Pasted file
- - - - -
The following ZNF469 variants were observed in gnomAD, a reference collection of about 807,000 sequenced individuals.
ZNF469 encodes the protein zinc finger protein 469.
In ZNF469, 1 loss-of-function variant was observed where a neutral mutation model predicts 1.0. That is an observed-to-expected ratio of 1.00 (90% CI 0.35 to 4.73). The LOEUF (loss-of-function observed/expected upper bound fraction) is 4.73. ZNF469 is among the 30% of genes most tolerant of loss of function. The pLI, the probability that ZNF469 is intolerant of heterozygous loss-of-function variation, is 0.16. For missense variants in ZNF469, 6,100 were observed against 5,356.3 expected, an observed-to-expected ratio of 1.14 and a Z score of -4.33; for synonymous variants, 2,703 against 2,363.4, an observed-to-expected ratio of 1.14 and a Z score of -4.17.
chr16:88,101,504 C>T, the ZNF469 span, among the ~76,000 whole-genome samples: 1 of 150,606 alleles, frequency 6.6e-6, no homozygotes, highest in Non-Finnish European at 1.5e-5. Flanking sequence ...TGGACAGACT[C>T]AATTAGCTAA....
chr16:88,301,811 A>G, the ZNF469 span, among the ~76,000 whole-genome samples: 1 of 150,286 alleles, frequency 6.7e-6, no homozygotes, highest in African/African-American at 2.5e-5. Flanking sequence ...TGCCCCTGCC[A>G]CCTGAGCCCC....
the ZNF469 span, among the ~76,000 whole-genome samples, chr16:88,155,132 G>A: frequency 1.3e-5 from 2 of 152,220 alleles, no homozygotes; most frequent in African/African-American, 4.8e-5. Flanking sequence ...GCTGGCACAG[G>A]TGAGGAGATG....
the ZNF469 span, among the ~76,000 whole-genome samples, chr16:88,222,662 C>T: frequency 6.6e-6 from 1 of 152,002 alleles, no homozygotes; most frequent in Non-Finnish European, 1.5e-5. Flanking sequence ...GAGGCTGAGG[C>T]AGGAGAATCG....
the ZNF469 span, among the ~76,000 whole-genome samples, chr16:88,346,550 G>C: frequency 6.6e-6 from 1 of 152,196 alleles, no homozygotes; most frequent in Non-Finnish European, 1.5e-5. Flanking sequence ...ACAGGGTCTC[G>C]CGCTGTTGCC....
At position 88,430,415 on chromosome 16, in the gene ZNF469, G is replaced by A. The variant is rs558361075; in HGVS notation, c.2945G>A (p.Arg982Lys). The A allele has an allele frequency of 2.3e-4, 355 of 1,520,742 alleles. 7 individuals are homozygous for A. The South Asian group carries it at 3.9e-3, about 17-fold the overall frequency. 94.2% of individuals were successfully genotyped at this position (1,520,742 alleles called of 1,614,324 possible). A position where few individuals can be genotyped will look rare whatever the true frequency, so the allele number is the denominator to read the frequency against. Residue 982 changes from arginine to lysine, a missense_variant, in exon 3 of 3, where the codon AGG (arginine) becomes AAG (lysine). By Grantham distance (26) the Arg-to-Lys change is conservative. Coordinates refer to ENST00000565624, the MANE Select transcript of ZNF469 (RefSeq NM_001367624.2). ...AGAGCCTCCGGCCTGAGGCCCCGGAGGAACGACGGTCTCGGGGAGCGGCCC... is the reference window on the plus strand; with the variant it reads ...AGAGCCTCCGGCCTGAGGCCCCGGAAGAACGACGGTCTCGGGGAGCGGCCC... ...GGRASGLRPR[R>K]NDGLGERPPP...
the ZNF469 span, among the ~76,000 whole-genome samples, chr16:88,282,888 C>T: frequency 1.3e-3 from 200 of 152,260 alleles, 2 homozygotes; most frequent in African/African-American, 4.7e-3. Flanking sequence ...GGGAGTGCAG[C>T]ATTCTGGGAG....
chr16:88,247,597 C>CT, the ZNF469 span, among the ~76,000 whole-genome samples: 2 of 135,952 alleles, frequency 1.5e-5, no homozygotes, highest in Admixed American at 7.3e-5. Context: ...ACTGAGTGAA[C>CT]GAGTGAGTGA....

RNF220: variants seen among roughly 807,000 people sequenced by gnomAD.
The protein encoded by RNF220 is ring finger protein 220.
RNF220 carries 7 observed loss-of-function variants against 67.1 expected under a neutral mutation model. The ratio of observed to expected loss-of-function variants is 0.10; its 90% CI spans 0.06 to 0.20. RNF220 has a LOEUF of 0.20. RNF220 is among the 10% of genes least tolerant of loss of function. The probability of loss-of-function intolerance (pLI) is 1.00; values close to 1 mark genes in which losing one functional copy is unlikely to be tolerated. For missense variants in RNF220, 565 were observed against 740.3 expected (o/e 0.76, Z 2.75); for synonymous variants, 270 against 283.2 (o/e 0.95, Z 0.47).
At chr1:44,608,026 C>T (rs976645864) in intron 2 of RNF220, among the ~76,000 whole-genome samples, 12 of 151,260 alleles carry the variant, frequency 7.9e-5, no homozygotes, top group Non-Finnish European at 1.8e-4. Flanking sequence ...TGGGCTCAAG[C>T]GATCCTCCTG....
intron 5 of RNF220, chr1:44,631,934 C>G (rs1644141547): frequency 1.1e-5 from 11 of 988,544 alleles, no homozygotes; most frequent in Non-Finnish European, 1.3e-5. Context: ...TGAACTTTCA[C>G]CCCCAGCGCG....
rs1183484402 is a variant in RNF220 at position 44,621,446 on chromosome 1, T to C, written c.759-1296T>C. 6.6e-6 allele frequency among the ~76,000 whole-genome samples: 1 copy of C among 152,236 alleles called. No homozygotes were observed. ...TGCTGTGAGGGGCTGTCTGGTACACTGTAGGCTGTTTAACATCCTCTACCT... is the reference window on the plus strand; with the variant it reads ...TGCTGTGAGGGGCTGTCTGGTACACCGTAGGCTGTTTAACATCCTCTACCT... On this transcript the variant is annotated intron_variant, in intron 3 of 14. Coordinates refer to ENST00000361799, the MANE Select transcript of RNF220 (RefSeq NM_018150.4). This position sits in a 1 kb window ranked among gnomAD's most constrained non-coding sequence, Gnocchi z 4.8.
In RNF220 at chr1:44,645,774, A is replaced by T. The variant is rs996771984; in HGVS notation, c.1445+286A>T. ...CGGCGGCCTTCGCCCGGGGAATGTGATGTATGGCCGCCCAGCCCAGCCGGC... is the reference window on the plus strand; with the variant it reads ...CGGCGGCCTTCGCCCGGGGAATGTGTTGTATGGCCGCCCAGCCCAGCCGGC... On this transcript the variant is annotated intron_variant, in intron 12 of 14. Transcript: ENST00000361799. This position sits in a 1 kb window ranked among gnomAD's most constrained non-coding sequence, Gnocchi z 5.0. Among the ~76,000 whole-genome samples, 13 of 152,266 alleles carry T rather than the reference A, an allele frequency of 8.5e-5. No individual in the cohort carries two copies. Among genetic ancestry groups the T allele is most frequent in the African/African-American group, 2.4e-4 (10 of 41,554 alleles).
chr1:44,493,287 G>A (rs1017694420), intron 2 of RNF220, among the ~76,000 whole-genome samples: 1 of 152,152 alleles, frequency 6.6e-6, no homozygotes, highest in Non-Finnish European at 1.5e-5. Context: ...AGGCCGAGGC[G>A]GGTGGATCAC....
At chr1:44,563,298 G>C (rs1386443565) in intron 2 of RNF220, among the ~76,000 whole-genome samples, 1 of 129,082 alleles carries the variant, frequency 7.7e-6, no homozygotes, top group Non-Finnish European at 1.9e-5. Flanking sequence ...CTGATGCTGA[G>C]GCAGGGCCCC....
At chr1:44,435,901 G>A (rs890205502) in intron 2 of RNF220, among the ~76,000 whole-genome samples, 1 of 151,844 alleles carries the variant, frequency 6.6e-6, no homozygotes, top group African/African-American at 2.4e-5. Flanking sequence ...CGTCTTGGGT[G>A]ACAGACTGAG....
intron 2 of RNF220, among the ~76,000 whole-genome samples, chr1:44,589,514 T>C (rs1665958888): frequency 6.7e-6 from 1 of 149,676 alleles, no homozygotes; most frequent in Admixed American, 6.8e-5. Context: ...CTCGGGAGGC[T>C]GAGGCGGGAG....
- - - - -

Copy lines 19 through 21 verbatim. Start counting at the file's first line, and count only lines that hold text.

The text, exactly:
chr1:44,493,287 G>A (rs1017694420), intron 2 of RNF220, among the ~76,000 whole-genome samples: 1 of 152,152 alleles, frequency 6.6e-6, no homozygotes, highest in Non-Finnish European at 1.5e-5. Context: ...AGGCCGAGGC[G>A]GGTGGATCAC....
At chr1:44,563,298 G>C (rs1386443565) in intron 2 of RNF220, among the ~76,000 whole-genome samples, 1 of 129,082 alleles carries the variant, frequency 7.7e-6, no homozygotes, top group Non-Finnish European at 1.9e-5. Flanking sequence ...CTGATGCTGA[G>C]GCAGGGCCCC....
At chr1:44,435,901 G>A (rs890205502) in intron 2 of RNF220, among the ~76,000 whole-genome samples, 1 of 151,844 alleles carries the variant, frequency 6.6e-6, no homozygotes, top group African/African-American at 2.4e-5. Flanking sequence ...CGTCTTGGGT[G>A]ACAGACTGAG....